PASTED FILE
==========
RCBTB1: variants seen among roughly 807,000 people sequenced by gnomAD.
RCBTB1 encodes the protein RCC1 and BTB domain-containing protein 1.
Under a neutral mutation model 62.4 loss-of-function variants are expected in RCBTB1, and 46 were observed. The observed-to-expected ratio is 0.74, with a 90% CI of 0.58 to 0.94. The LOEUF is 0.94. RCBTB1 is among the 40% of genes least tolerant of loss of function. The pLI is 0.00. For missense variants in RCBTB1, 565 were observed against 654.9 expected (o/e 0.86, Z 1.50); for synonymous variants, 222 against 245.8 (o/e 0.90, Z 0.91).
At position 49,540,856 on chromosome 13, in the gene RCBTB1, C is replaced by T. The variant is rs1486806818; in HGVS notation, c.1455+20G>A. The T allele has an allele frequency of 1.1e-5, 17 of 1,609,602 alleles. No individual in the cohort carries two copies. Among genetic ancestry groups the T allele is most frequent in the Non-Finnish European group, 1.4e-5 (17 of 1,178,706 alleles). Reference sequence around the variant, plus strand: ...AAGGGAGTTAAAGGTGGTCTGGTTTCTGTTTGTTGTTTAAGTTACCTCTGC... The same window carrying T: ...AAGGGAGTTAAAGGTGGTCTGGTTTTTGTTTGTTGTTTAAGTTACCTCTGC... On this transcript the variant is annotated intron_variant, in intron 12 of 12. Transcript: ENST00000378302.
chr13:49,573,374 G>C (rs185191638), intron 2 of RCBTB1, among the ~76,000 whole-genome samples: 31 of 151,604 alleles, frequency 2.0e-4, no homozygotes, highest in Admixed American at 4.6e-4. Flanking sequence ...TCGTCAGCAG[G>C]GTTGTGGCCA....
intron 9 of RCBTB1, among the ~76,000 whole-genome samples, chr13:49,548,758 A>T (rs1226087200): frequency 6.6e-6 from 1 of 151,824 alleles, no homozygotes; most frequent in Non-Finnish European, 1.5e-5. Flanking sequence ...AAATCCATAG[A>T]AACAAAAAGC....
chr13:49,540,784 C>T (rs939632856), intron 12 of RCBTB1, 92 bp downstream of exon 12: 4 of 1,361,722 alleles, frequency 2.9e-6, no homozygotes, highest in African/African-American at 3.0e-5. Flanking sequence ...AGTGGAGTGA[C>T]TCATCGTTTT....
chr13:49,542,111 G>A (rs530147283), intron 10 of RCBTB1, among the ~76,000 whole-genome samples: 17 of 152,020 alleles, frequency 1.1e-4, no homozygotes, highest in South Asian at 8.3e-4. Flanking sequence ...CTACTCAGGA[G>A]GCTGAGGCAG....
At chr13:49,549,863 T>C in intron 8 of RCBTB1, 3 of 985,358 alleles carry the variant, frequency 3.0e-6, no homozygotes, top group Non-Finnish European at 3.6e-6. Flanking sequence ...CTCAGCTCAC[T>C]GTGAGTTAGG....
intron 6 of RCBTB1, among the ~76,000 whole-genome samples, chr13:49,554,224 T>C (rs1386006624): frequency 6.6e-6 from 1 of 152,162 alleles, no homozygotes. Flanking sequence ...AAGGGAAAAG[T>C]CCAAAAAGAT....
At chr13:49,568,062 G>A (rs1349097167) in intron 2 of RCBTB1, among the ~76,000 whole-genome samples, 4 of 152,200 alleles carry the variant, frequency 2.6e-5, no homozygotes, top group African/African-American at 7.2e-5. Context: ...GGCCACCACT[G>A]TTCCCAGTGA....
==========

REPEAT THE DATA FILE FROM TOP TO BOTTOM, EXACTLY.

RCBTB1: variants seen among roughly 807,000 people sequenced by gnomAD.
RCBTB1 encodes the protein RCC1 and BTB domain-containing protein 1.
Under a neutral mutation model 62.4 loss-of-function variants are expected in RCBTB1, and 46 were observed. The observed-to-expected ratio is 0.74, with a 90% CI of 0.58 to 0.94. The LOEUF is 0.94. RCBTB1 is among the 40% of genes least tolerant of loss of function. The pLI is 0.00. For missense variants in RCBTB1, 565 were observed against 654.9 expected (o/e 0.86, Z 1.50); for synonymous variants, 222 against 245.8 (o/e 0.90, Z 0.91).
At position 49,540,856 on chromosome 13, in the gene RCBTB1, C is replaced by T. The variant is rs1486806818; in HGVS notation, c.1455+20G>A. The T allele has an allele frequency of 1.1e-5, 17 of 1,609,602 alleles. No individual in the cohort carries two copies. Among genetic ancestry groups the T allele is most frequent in the Non-Finnish European group, 1.4e-5 (17 of 1,178,706 alleles). Reference sequence around the variant, plus strand: ...AAGGGAGTTAAAGGTGGTCTGGTTTCTGTTTGTTGTTTAAGTTACCTCTGC... The same window carrying T: ...AAGGGAGTTAAAGGTGGTCTGGTTTTTGTTTGTTGTTTAAGTTACCTCTGC... On this transcript the variant is annotated intron_variant, in intron 12 of 12. Transcript: ENST00000378302.
chr13:49,573,374 G>C (rs185191638), intron 2 of RCBTB1, among the ~76,000 whole-genome samples: 31 of 151,604 alleles, frequency 2.0e-4, no homozygotes, highest in Admixed American at 4.6e-4. Flanking sequence ...TCGTCAGCAG[G>C]GTTGTGGCCA....
intron 9 of RCBTB1, among the ~76,000 whole-genome samples, chr13:49,548,758 A>T (rs1226087200): frequency 6.6e-6 from 1 of 151,824 alleles, no homozygotes; most frequent in Non-Finnish European, 1.5e-5. Flanking sequence ...AAATCCATAG[A>T]AACAAAAAGC....
chr13:49,540,784 C>T (rs939632856), intron 12 of RCBTB1, 92 bp downstream of exon 12: 4 of 1,361,722 alleles, frequency 2.9e-6, no homozygotes, highest in African/African-American at 3.0e-5. Flanking sequence ...AGTGGAGTGA[C>T]TCATCGTTTT....
chr13:49,542,111 G>A (rs530147283), intron 10 of RCBTB1, among the ~76,000 whole-genome samples: 17 of 152,020 alleles, frequency 1.1e-4, no homozygotes, highest in South Asian at 8.3e-4. Flanking sequence ...CTACTCAGGA[G>A]GCTGAGGCAG....
At chr13:49,549,863 T>C in intron 8 of RCBTB1, 3 of 985,358 alleles carry the variant, frequency 3.0e-6, no homozygotes, top group Non-Finnish European at 3.6e-6. Flanking sequence ...CTCAGCTCAC[T>C]GTGAGTTAGG....
intron 6 of RCBTB1, among the ~76,000 whole-genome samples, chr13:49,554,224 T>C (rs1386006624): frequency 6.6e-6 from 1 of 152,162 alleles, no homozygotes. Flanking sequence ...AAGGGAAAAG[T>C]CCAAAAAGAT....
At chr13:49,568,062 G>A (rs1349097167) in intron 2 of RCBTB1, among the ~76,000 whole-genome samples, 4 of 152,200 alleles carry the variant, frequency 2.6e-5, no homozygotes, top group African/African-American at 7.2e-5. Context: ...GGCCACCACT[G>A]TTCCCAGTGA....